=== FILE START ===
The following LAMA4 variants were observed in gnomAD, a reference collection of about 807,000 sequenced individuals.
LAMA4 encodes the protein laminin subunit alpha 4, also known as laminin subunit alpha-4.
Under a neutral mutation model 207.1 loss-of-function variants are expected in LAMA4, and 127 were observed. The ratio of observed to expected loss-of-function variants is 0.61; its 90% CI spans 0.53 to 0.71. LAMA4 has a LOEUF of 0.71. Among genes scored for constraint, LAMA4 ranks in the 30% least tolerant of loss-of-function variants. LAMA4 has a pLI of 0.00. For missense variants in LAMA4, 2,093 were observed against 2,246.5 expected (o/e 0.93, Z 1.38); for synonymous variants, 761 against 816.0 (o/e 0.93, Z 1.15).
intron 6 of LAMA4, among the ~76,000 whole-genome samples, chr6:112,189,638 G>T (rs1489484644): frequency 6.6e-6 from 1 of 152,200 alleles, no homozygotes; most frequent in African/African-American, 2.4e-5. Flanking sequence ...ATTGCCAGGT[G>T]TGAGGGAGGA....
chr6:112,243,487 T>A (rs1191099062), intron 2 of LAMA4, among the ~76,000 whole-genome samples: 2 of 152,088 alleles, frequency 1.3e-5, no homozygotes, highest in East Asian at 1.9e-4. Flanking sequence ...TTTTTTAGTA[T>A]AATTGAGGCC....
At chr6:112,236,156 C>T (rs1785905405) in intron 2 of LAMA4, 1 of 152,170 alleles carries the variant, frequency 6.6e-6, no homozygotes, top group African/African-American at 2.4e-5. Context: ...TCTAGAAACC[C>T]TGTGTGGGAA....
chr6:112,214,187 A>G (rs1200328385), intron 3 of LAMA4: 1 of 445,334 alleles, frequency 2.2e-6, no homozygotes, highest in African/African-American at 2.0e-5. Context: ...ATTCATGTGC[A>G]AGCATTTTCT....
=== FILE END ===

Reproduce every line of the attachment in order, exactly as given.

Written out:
The following LAMA4 variants were observed in gnomAD, a reference collection of about 807,000 sequenced individuals.
LAMA4 encodes the protein laminin subunit alpha 4, also known as laminin subunit alpha-4.
Under a neutral mutation model 207.1 loss-of-function variants are expected in LAMA4, and 127 were observed. The ratio of observed to expected loss-of-function variants is 0.61; its 90% CI spans 0.53 to 0.71. LAMA4 has a LOEUF of 0.71. Among genes scored for constraint, LAMA4 ranks in the 30% least tolerant of loss-of-function variants. LAMA4 has a pLI of 0.00. For missense variants in LAMA4, 2,093 were observed against 2,246.5 expected (o/e 0.93, Z 1.38); for synonymous variants, 761 against 816.0 (o/e 0.93, Z 1.15).
intron 6 of LAMA4, among the ~76,000 whole-genome samples, chr6:112,189,638 G>T (rs1489484644): frequency 6.6e-6 from 1 of 152,200 alleles, no homozygotes; most frequent in African/African-American, 2.4e-5. Flanking sequence ...ATTGCCAGGT[G>T]TGAGGGAGGA....
chr6:112,243,487 T>A (rs1191099062), intron 2 of LAMA4, among the ~76,000 whole-genome samples: 2 of 152,088 alleles, frequency 1.3e-5, no homozygotes, highest in East Asian at 1.9e-4. Flanking sequence ...TTTTTTAGTA[T>A]AATTGAGGCC....
At chr6:112,236,156 C>T (rs1785905405) in intron 2 of LAMA4, 1 of 152,170 alleles carries the variant, frequency 6.6e-6, no homozygotes, top group African/African-American at 2.4e-5. Context: ...TCTAGAAACC[C>T]TGTGTGGGAA....
chr6:112,214,187 A>G (rs1200328385), intron 3 of LAMA4: 1 of 445,334 alleles, frequency 2.2e-6, no homozygotes, highest in African/African-American at 2.0e-5. Context: ...ATTCATGTGC[A>G]AGCATTTTCT....